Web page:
Sound familiar to you? I think we’ve all probably had experiences on both sides of this—taking responsibility for other people’s moods or choices and on the flip side, trying to make other people responsible for ours. And frankly, it doesn’t feel that great. It feels much better when we take ownership for ourselves, see who we are clearly (strengths and flaws), and own who we are without trying to own who others are.

What Every Human Really Needs

A few decades ago, a couple of researchers[1] started talking about 3 things that every person needs in order to really thrive and feel happy in life. (These are of course beyond the basics of survival like food, water, and air.) These 3 needs are:

  1. Autonomy. This means being able to choose for yourself how you act, what you do with your time, and who you are. You are in control of you.
  2. Competence. Meaning you feel capable in the things you are doing and like you can be successful in your endeavors, whatever those are.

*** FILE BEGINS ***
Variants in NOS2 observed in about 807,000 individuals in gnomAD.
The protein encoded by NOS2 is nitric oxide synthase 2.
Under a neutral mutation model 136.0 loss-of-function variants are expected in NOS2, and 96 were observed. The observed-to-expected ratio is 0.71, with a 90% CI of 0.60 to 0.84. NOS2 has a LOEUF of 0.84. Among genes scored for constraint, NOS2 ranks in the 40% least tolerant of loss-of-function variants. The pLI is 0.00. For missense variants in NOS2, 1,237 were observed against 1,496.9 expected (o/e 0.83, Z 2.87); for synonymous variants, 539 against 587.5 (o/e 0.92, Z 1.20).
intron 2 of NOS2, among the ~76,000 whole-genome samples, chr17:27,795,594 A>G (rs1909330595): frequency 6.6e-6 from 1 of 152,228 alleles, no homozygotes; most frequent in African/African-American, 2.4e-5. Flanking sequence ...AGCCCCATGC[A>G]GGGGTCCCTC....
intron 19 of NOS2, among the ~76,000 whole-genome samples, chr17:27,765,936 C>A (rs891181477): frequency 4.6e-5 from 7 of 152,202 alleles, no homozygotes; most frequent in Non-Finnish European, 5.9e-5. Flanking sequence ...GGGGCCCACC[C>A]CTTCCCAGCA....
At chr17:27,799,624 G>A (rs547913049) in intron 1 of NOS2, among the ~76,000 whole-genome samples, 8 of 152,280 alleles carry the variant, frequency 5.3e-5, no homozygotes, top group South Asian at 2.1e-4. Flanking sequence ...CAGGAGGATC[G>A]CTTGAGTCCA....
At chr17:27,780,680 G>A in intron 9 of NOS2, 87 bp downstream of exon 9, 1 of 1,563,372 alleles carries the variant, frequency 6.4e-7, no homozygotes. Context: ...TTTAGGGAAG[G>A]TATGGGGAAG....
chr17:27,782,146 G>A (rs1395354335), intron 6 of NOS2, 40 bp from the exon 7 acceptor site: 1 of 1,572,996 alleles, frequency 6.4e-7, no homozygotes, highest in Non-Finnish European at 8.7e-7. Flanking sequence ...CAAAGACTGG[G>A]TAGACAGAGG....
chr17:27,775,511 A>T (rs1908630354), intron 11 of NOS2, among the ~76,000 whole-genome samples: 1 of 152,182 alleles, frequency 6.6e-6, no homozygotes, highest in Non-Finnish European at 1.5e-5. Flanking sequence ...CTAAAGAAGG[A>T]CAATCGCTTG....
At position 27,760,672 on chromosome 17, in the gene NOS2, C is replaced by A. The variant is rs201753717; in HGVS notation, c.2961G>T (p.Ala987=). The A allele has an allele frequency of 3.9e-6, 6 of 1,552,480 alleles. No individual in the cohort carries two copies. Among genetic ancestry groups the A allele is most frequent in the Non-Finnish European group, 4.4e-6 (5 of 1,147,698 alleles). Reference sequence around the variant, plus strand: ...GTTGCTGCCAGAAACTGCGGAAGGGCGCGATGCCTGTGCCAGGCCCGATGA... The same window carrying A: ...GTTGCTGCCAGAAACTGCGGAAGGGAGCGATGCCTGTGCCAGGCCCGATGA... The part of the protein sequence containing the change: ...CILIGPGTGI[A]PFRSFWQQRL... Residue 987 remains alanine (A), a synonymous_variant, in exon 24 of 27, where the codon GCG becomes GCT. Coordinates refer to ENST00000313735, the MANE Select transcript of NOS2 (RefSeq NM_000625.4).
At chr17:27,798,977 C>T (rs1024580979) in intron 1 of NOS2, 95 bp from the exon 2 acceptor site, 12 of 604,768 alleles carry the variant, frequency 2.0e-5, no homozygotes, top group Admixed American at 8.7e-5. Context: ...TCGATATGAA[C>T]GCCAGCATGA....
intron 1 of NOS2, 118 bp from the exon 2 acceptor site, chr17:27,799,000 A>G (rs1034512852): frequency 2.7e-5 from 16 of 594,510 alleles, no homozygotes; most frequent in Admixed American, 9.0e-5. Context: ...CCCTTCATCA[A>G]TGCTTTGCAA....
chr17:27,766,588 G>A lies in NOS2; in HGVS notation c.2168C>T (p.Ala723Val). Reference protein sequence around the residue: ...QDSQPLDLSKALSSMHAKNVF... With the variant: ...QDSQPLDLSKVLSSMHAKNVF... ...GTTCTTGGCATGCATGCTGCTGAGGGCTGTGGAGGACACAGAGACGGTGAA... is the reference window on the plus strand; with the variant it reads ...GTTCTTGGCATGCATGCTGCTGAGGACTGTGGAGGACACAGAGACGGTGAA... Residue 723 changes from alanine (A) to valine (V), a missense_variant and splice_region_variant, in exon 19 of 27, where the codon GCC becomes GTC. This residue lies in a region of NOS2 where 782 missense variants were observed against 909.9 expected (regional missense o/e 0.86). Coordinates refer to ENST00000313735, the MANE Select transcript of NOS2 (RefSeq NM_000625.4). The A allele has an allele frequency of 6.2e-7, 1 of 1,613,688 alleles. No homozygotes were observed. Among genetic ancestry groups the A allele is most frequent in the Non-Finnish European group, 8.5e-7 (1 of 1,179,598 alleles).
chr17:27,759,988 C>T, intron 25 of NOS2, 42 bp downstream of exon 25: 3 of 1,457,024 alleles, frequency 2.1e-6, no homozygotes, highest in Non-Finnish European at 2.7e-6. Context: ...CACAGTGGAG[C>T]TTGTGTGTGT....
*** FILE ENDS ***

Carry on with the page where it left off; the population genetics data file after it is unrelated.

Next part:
3. Relatedness. We all want to belong and be connected to other humans and will seek out those connections. We are happiest when we feel love in our lives.

These three needs are closely intertwined. If you falter on one, it’s likely the others will suffer for you as well. There is lots of research to back this theory (it’s called self-determination theory) in just about every domain of human living. (School,[2] business,[3] relationships,[4] and physical[5] and mental health.[6])

Basically, it’s really important to feel like you get to be you, to feel like you’re a capable human, and to feel loved. Not surprising, is it? So what does this have to do with taking ownership of yourself?

Autonomy is a key ingredient in feeling fulfilled and happy in life and goes hand in hand with authenticity. Someone who feels like they get to choose who they are (in other words, feels autonomous) also feels free to be authentic, or to let others see who they really are This also helps her feel more competent at the things she’s doing and build better relationships in her life.